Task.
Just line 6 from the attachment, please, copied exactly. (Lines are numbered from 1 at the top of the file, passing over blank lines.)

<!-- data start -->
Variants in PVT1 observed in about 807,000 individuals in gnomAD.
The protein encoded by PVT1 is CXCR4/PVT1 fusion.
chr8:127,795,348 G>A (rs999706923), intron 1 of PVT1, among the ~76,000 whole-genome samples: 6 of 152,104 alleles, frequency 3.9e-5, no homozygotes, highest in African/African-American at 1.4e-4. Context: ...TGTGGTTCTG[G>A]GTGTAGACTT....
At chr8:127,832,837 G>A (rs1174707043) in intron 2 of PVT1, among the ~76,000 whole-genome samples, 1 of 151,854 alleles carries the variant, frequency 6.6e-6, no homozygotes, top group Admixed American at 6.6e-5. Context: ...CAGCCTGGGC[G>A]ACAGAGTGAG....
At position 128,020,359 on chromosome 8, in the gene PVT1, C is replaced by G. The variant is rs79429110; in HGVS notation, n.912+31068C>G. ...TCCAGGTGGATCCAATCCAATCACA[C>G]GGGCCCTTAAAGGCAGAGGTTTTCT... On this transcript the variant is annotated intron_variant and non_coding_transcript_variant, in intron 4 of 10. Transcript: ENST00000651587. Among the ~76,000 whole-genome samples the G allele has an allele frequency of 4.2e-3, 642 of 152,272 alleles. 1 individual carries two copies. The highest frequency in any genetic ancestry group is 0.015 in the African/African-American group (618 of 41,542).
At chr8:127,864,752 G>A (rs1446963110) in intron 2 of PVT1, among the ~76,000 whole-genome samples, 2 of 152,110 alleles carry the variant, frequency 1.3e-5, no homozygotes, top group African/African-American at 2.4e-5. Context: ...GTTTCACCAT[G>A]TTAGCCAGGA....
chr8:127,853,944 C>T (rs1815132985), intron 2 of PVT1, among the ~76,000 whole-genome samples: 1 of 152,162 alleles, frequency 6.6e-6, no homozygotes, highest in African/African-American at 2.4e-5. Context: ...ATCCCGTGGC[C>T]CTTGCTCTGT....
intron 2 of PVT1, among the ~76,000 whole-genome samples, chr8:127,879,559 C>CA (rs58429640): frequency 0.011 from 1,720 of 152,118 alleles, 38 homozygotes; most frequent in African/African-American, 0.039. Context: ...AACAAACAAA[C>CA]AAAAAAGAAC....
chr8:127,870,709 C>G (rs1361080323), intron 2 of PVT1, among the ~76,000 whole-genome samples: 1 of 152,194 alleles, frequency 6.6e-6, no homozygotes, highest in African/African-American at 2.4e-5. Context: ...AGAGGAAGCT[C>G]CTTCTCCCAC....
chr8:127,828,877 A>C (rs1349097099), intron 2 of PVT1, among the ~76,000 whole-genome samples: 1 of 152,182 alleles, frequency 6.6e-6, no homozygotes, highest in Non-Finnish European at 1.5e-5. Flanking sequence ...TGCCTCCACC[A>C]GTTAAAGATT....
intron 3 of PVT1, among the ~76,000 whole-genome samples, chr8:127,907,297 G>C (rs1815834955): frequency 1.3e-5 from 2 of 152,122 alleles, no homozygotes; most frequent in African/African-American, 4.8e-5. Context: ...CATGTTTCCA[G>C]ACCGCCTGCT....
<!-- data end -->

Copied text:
At chr8:127,864,752 G>A (rs1446963110) in intron 2 of PVT1, among the ~76,000 whole-genome samples, 2 of 152,110 alleles carry the variant, frequency 1.3e-5, no homozygotes, top group African/African-American at 2.4e-5. Context: ...GTTTCACCAT[G>A]TTAGCCAGGA....